Charity shop recovery at risk due to local lockdowns

The summer recovery of charity shop sales is at threat from new regional Covid 19 lockdown restrictions, a report has warned.

Monthly like-for-like charity shop sales were down over the summer but steadily improved between July and September, according to latest figures.

While sales were down -44.7% in July, they recovered to -28.6% in August and to -21.1% in September.

The figures have been revealed by accountancy firm BDO in its High Street Sales Tracker, which looked at the sales of more than 2,500 charity shops.

But BDO warns that local lockdown measures in the highest alert level regions are set to see a significant negative impact on footfall for charity shops. Currently a number of cities and towns across the UK, including Liverpool and Manchester, are in Tier 3, the highest alert level.

Footfall and staffing have been highlighted by charity shops as key challenges they are already facing due to the pandemic, said BDO.

Fiona Condron, charity retail partner at BDO said: “While we have seen a steady recovery in charity store sales over the last three months as more shops have reopened, major uncertainties remain.

“In normal circumstances, the lead-up to Christmas should be a key period for many charity retailers, but new local lockdown restrictions are already impacting high street footfall and staffing availability, both of which risk blowing the recovery off course. While many commercial players can rely on online sales channels to compensate for lost high street custom, many charities aren’t so lucky.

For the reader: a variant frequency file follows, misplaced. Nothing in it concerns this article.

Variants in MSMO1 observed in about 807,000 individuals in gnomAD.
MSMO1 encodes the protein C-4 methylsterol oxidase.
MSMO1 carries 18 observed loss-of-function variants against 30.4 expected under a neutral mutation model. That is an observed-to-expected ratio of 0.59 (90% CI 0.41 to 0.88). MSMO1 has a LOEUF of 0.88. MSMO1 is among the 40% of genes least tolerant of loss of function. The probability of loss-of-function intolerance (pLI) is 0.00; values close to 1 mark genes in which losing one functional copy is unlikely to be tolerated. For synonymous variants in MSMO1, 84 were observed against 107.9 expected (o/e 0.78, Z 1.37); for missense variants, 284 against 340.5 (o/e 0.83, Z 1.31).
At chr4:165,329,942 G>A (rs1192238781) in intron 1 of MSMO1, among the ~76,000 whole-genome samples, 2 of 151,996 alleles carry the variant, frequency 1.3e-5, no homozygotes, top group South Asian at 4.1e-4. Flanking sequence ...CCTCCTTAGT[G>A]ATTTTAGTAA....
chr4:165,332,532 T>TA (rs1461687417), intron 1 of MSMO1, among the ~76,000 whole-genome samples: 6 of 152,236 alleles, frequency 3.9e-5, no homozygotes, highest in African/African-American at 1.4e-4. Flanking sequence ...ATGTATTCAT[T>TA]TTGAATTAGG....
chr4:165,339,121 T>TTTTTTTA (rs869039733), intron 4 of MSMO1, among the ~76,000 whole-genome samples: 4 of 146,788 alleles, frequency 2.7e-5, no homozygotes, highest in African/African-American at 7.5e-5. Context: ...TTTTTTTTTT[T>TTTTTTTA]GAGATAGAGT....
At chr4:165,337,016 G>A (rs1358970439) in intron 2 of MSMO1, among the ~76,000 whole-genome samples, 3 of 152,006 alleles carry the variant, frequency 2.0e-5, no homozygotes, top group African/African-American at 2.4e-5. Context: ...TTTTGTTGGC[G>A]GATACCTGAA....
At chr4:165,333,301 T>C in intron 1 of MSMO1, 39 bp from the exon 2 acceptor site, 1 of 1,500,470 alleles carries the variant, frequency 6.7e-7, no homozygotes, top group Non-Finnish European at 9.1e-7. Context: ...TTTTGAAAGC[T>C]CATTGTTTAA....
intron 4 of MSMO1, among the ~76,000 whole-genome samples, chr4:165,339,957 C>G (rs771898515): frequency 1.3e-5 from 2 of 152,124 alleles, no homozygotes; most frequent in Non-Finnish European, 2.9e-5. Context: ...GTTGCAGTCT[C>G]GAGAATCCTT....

“With so much uncertainty ahead, charities may need to rethink their approach by avoiding over-reliance on future charity store revenues and refocusing their efforts on diversifying their revenue streams.”

The tracker also found that medium sized retailers reported the strongest results for their charity shops and large charities did well in the new goods category.

In September BDO’s High Street Tracker detailed a surge in donations of stock to charity shops over the summer. In August St Barnarbas Hospice announced it had been forced to suspend donations after receiving 50 tonnes of items in a month.

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